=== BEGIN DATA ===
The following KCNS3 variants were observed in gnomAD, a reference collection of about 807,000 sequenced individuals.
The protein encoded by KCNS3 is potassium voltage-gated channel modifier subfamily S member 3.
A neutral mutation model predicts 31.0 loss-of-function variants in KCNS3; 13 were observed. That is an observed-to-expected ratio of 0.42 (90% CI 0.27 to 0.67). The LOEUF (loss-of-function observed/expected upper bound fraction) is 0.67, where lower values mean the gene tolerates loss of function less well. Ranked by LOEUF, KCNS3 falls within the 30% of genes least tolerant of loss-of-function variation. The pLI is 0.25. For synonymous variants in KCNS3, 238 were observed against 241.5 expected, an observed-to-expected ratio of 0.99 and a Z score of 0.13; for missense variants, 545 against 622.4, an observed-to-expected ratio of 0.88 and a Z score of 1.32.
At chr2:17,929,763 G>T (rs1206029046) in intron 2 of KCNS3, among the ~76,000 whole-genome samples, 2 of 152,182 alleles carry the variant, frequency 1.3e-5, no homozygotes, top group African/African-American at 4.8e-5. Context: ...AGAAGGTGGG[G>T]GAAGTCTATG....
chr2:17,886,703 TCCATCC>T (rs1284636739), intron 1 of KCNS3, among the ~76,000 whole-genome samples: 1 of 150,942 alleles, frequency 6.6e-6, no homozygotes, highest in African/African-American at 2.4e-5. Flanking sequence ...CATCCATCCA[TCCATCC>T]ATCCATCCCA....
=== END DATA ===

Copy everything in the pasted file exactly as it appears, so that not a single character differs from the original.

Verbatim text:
The following KCNS3 variants were observed in gnomAD, a reference collection of about 807,000 sequenced individuals.
The protein encoded by KCNS3 is potassium voltage-gated channel modifier subfamily S member 3.
A neutral mutation model predicts 31.0 loss-of-function variants in KCNS3; 13 were observed. That is an observed-to-expected ratio of 0.42 (90% CI 0.27 to 0.67). The LOEUF (loss-of-function observed/expected upper bound fraction) is 0.67, where lower values mean the gene tolerates loss of function less well. Ranked by LOEUF, KCNS3 falls within the 30% of genes least tolerant of loss-of-function variation. The pLI is 0.25. For synonymous variants in KCNS3, 238 were observed against 241.5 expected, an observed-to-expected ratio of 0.99 and a Z score of 0.13; for missense variants, 545 against 622.4, an observed-to-expected ratio of 0.88 and a Z score of 1.32.
At chr2:17,929,763 G>T (rs1206029046) in intron 2 of KCNS3, among the ~76,000 whole-genome samples, 2 of 152,182 alleles carry the variant, frequency 1.3e-5, no homozygotes, top group African/African-American at 4.8e-5. Context: ...AGAAGGTGGG[G>T]GAAGTCTATG....
chr2:17,886,703 TCCATCC>T (rs1284636739), intron 1 of KCNS3, among the ~76,000 whole-genome samples: 1 of 150,942 alleles, frequency 6.6e-6, no homozygotes, highest in African/African-American at 2.4e-5. Flanking sequence ...CATCCATCCA[TCCATCC>T]ATCCATCCCA....